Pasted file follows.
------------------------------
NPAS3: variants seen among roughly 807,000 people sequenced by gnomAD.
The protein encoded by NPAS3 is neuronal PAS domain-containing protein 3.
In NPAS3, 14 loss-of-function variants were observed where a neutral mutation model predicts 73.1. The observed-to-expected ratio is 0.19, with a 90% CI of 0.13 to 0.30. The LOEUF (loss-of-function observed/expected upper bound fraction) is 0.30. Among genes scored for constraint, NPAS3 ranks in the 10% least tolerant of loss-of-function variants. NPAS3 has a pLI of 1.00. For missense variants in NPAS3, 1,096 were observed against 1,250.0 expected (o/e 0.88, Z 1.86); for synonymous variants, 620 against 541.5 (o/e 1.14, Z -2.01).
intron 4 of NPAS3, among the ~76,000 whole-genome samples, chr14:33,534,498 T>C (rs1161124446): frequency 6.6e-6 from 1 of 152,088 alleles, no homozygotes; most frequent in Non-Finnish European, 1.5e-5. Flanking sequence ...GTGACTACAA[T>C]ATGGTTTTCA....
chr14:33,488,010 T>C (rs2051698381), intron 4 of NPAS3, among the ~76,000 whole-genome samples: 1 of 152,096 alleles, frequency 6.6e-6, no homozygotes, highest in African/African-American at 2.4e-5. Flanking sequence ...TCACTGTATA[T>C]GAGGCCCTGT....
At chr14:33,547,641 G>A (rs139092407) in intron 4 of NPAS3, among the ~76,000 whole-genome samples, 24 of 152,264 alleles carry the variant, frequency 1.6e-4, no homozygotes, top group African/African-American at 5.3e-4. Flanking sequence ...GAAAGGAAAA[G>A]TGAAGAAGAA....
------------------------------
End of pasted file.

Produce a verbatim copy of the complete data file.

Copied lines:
NPAS3: variants seen among roughly 807,000 people sequenced by gnomAD.
The protein encoded by NPAS3 is neuronal PAS domain-containing protein 3.
In NPAS3, 14 loss-of-function variants were observed where a neutral mutation model predicts 73.1. The observed-to-expected ratio is 0.19, with a 90% CI of 0.13 to 0.30. The LOEUF (loss-of-function observed/expected upper bound fraction) is 0.30. Among genes scored for constraint, NPAS3 ranks in the 10% least tolerant of loss-of-function variants. NPAS3 has a pLI of 1.00. For missense variants in NPAS3, 1,096 were observed against 1,250.0 expected (o/e 0.88, Z 1.86); for synonymous variants, 620 against 541.5 (o/e 1.14, Z -2.01).
intron 4 of NPAS3, among the ~76,000 whole-genome samples, chr14:33,534,498 T>C (rs1161124446): frequency 6.6e-6 from 1 of 152,088 alleles, no homozygotes; most frequent in Non-Finnish European, 1.5e-5. Flanking sequence ...GTGACTACAA[T>C]ATGGTTTTCA....
chr14:33,488,010 T>C (rs2051698381), intron 4 of NPAS3, among the ~76,000 whole-genome samples: 1 of 152,096 alleles, frequency 6.6e-6, no homozygotes, highest in African/African-American at 2.4e-5. Flanking sequence ...TCACTGTATA[T>C]GAGGCCCTGT....
At chr14:33,547,641 G>A (rs139092407) in intron 4 of NPAS3, among the ~76,000 whole-genome samples, 24 of 152,264 alleles carry the variant, frequency 1.6e-4, no homozygotes, top group African/African-American at 5.3e-4. Flanking sequence ...GAAAGGAAAA[G>A]TGAAGAAGAA....